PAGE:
# Multivariate Normal conditional tail Expextation

## Main Question or Discussion Point

Hi all,
I need help regarding the following expression:
E(x1|X>K)
where:
x1 is a one dimension normal rv
X is multivariate normal rv with n components: x1, x2,..., x_n
K is a n dimension constant vector with n components: k1,k2,...,k_n
X>K <==> x1>k1,x2>k2,...,x_n>k_n

I know there is a closed form for the Bi-variate case. Is there one for this too?

Thanks a lot!

Alon

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chiro
Hey alondo and welcome to the forums.

Are your variables independent or do they have some kind other relationship that involves a generic covariance matrix?

The variables are dependent, and the covariance matrix can be calculated.
However, I am not sure how to deal with the multiple conditions of the expectation:
E(x1|X>K)=E(x1|x1>k1,x2,k2,...,x_n>k_n)

Thanks, and hope you can help.
Alon

Hey alondo and welcome to the forums.

Are your variables independent or do they have some kind other relationship that involves a generic covariance matrix?

chiro
In your multiple integral, what kinds of limits were you thinking about using?

The expectation is simply going to be x1*P(x1 = x|X>k) (with the right limits).

If you expand the conditional probability, it means you are going to get something that is complex, since you have dependencies between your variables.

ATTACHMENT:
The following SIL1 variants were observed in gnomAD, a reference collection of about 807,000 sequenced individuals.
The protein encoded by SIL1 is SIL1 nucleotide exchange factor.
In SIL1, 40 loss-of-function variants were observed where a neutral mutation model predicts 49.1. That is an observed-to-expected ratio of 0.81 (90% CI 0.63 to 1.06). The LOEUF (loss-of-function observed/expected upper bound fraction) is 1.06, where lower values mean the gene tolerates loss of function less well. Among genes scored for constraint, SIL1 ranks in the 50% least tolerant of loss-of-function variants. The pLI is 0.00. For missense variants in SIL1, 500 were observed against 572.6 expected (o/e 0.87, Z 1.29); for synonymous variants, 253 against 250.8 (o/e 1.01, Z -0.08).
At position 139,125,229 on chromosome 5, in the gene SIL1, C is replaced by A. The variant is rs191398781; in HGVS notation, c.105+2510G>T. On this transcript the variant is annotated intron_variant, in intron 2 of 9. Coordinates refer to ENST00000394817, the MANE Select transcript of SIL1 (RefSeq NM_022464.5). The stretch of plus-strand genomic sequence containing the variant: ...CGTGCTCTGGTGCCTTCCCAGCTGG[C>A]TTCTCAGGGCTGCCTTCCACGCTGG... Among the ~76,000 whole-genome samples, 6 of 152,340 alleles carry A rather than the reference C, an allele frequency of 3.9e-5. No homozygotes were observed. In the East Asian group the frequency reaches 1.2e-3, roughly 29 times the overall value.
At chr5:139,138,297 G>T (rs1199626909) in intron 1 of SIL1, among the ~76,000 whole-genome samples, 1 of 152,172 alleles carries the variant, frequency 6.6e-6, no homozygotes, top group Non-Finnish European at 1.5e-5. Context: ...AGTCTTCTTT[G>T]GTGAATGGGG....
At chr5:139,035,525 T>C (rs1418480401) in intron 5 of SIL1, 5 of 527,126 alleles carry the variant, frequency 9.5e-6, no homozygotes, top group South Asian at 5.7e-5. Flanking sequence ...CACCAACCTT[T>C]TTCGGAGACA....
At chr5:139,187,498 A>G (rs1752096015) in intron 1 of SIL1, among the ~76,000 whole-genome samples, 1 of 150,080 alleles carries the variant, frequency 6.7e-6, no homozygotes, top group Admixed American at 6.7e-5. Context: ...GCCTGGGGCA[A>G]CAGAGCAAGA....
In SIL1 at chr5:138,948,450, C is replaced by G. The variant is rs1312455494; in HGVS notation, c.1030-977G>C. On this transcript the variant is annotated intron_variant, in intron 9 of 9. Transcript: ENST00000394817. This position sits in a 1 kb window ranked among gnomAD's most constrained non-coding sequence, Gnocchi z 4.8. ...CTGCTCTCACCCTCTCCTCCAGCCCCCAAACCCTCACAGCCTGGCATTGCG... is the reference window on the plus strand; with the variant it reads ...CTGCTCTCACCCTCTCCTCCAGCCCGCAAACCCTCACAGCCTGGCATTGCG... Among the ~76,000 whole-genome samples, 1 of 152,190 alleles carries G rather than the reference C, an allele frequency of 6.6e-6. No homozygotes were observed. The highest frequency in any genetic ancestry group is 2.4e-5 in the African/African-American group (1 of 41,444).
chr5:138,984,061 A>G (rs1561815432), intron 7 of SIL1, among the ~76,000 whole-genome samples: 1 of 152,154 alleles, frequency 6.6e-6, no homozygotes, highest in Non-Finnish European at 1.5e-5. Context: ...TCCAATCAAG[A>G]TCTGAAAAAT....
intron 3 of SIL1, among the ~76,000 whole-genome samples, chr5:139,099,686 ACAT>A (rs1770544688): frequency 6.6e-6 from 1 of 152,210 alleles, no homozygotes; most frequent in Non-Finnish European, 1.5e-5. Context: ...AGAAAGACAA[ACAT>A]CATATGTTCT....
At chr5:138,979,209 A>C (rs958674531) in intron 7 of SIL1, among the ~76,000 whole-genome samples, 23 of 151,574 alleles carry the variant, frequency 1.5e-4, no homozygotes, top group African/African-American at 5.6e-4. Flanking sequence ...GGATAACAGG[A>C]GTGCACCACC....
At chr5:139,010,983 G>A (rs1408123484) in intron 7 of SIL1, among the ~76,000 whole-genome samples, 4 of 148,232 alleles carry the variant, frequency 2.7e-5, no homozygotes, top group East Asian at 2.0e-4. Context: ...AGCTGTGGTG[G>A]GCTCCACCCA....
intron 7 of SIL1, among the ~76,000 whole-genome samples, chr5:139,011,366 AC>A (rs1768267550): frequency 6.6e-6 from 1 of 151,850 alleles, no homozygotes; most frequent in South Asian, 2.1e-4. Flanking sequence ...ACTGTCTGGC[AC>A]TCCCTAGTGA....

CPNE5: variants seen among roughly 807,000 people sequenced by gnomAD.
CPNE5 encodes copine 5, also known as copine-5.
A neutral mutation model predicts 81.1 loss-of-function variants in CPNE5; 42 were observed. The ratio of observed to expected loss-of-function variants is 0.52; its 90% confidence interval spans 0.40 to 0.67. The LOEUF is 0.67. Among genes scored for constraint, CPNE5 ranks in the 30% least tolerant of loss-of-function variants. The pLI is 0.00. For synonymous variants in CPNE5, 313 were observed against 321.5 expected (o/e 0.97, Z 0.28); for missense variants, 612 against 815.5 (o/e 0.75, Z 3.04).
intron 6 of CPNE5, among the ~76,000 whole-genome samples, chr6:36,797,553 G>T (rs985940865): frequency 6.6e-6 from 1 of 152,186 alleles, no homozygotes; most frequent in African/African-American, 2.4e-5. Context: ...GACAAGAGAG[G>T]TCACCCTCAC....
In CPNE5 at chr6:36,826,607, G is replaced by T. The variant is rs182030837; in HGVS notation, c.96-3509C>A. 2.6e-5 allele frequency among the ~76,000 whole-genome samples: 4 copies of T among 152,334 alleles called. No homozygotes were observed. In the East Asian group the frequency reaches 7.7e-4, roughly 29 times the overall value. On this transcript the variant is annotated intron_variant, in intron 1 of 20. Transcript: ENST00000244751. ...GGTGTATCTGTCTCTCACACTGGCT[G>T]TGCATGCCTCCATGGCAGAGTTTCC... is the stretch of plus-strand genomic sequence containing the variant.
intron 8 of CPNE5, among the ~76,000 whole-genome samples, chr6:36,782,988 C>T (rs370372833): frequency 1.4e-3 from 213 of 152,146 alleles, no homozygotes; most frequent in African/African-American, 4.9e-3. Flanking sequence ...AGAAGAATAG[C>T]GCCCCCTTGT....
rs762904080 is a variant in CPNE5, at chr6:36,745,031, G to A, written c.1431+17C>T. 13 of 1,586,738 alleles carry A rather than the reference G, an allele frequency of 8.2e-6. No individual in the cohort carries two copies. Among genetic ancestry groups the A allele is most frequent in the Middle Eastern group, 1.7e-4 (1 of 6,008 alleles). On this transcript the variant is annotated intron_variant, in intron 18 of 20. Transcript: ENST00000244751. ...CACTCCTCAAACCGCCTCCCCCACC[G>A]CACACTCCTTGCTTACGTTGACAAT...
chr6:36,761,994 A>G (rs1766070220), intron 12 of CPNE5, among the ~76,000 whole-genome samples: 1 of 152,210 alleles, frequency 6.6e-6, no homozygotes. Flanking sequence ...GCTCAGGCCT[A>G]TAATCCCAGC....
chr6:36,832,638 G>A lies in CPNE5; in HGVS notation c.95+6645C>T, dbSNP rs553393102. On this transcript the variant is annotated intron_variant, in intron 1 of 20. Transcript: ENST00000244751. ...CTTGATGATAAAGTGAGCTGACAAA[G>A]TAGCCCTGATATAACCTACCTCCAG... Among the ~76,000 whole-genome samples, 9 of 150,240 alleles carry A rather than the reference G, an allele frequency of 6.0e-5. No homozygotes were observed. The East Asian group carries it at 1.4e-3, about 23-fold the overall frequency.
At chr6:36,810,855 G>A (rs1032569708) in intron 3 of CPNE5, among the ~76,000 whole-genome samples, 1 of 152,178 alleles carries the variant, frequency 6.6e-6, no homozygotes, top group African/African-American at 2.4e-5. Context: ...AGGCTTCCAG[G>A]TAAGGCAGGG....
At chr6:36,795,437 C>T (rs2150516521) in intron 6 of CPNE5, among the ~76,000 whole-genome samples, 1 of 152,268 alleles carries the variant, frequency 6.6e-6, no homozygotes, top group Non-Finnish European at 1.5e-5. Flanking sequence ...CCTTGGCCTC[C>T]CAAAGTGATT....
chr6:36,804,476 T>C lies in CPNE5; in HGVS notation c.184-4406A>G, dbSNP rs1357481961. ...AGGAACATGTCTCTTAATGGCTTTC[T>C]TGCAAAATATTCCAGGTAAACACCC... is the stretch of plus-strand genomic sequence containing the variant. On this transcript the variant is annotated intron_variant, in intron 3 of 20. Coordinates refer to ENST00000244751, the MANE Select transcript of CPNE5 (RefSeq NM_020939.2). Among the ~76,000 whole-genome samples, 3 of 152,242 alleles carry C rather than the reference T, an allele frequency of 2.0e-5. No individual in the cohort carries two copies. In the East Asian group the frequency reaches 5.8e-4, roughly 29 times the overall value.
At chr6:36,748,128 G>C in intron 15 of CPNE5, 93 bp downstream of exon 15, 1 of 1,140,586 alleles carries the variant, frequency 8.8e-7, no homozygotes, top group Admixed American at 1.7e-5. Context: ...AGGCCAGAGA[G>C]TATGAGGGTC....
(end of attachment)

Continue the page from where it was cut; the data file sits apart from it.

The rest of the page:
We know that P(x1 = x and x1 > k) = P(x1 > k) (Since x1 > k is a proper subset of the event corresponding to x1).

With that said, what you are actually doing is censoring part of the variable, since you are considering a subset of the entire state-space as opposed to the entire state-space.

If you are finding the expectation of this subset, you need to treat this as one proper random variable with the Kolmogorov axioms holding for this random variable and that means that you will have to normalize this new subset random variable.

If your variables though are dependent on each other, you will need to calculate the right limits corresponding to your inequalities and if your limits are basically "entangled" (which they will be for dependency based situations for multivariate joint distributions), then you will need to use some really nice algorithms to do this.

But if you can do all this, then find a random variable that has a proper PDF and then take the expectation of that new variable.

chiro
The example of E[X1|X2 > z] is a lot different than what you have.

You wrote E[X1|X > k] by the X includes X1. Did you mean this or did you make a mistake?

The reason is that if this was not a mistake, then it means you are conditioning on something with respect to a subset on X1 and not X1 itself, which means you will need to find a new random variable and take the expectation of that.

If you want to find something like E[X1|X > K] where X does not include X1 and you have the joint distribution for X1,X2,..,XN, then this is simply a matter of finding the limits for X2 up to XN by solving the region of integration given the structure of the limits and then plugging those in to a computer program which will do a numerical multi-variable integral calculation and give you a number that corresponds to the expectation.

The routine to calculate the expectation is easy once you have the limits, but getting the limits require that you solve the region in the same way that you solve regions for double integrals when you have entangled limits, except that due to there being multiple variables, you can't rely on the geometric intuition that you had for double integrals so you need to use an algebraic approach, or (which I recommend) an algorithm that someone has coded up.

It was not a mistake, but the bi-variate case: E[X1|X2 > z] still holds when X2 is correlated to X1.

chiro